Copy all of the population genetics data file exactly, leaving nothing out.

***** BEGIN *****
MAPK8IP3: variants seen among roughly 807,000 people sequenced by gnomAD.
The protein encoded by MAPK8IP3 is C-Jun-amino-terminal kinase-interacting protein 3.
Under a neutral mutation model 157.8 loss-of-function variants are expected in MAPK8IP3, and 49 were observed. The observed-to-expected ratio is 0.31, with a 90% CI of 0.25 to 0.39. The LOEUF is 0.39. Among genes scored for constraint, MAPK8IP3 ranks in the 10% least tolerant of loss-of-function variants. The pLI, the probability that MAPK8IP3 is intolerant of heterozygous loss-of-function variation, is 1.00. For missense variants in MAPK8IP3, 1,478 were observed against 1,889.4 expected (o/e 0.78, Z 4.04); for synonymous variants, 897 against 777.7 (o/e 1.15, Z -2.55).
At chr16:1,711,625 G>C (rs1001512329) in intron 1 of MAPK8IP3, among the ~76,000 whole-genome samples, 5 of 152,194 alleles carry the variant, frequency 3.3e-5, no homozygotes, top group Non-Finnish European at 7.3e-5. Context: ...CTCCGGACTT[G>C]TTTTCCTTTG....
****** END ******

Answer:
MAPK8IP3: variants seen among roughly 807,000 people sequenced by gnomAD.
The protein encoded by MAPK8IP3 is C-Jun-amino-terminal kinase-interacting protein 3.
Under a neutral mutation model 157.8 loss-of-function variants are expected in MAPK8IP3, and 49 were observed. The observed-to-expected ratio is 0.31, with a 90% CI of 0.25 to 0.39. The LOEUF is 0.39. Among genes scored for constraint, MAPK8IP3 ranks in the 10% least tolerant of loss-of-function variants. The pLI, the probability that MAPK8IP3 is intolerant of heterozygous loss-of-function variation, is 1.00. For missense variants in MAPK8IP3, 1,478 were observed against 1,889.4 expected (o/e 0.78, Z 4.04); for synonymous variants, 897 against 777.7 (o/e 1.15, Z -2.55).
At chr16:1,711,625 G>C (rs1001512329) in intron 1 of MAPK8IP3, among the ~76,000 whole-genome samples, 5 of 152,194 alleles carry the variant, frequency 3.3e-5, no homozygotes, top group Non-Finnish European at 7.3e-5. Context: ...CTCCGGACTT[G>C]TTTTCCTTTG....